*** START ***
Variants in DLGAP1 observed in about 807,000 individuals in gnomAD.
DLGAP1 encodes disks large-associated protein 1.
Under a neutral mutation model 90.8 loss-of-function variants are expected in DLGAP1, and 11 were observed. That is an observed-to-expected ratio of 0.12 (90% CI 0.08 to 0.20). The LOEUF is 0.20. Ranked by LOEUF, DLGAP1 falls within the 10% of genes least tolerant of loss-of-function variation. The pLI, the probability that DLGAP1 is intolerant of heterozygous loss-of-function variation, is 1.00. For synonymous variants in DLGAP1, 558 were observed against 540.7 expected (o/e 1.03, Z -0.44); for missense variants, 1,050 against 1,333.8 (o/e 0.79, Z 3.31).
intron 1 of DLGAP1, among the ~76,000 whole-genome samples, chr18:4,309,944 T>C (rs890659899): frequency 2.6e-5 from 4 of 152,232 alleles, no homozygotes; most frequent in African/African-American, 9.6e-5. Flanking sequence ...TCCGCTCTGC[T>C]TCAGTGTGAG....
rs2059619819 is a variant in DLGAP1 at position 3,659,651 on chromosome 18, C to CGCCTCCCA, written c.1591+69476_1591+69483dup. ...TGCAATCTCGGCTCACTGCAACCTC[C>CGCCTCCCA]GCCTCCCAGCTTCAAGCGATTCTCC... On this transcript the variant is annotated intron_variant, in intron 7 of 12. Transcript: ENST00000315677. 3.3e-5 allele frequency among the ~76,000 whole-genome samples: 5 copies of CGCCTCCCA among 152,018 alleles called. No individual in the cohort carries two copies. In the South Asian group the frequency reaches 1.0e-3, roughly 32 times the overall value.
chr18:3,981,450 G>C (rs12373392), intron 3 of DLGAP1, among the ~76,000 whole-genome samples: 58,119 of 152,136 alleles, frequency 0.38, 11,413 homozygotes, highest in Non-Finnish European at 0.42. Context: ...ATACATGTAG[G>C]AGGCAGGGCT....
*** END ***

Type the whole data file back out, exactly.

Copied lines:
Variants in DLGAP1 observed in about 807,000 individuals in gnomAD.
DLGAP1 encodes disks large-associated protein 1.
Under a neutral mutation model 90.8 loss-of-function variants are expected in DLGAP1, and 11 were observed. That is an observed-to-expected ratio of 0.12 (90% CI 0.08 to 0.20). The LOEUF is 0.20. Ranked by LOEUF, DLGAP1 falls within the 10% of genes least tolerant of loss-of-function variation. The pLI, the probability that DLGAP1 is intolerant of heterozygous loss-of-function variation, is 1.00. For synonymous variants in DLGAP1, 558 were observed against 540.7 expected (o/e 1.03, Z -0.44); for missense variants, 1,050 against 1,333.8 (o/e 0.79, Z 3.31).
intron 1 of DLGAP1, among the ~76,000 whole-genome samples, chr18:4,309,944 T>C (rs890659899): frequency 2.6e-5 from 4 of 152,232 alleles, no homozygotes; most frequent in African/African-American, 9.6e-5. Flanking sequence ...TCCGCTCTGC[T>C]TCAGTGTGAG....
rs2059619819 is a variant in DLGAP1 at position 3,659,651 on chromosome 18, C to CGCCTCCCA, written c.1591+69476_1591+69483dup. ...TGCAATCTCGGCTCACTGCAACCTC[C>CGCCTCCCA]GCCTCCCAGCTTCAAGCGATTCTCC... On this transcript the variant is annotated intron_variant, in intron 7 of 12. Transcript: ENST00000315677. 3.3e-5 allele frequency among the ~76,000 whole-genome samples: 5 copies of CGCCTCCCA among 152,018 alleles called. No individual in the cohort carries two copies. In the South Asian group the frequency reaches 1.0e-3, roughly 32 times the overall value.
chr18:3,981,450 G>C (rs12373392), intron 3 of DLGAP1, among the ~76,000 whole-genome samples: 58,119 of 152,136 alleles, frequency 0.38, 11,413 homozygotes, highest in Non-Finnish European at 0.42. Context: ...ATACATGTAG[G>C]AGGCAGGGCT....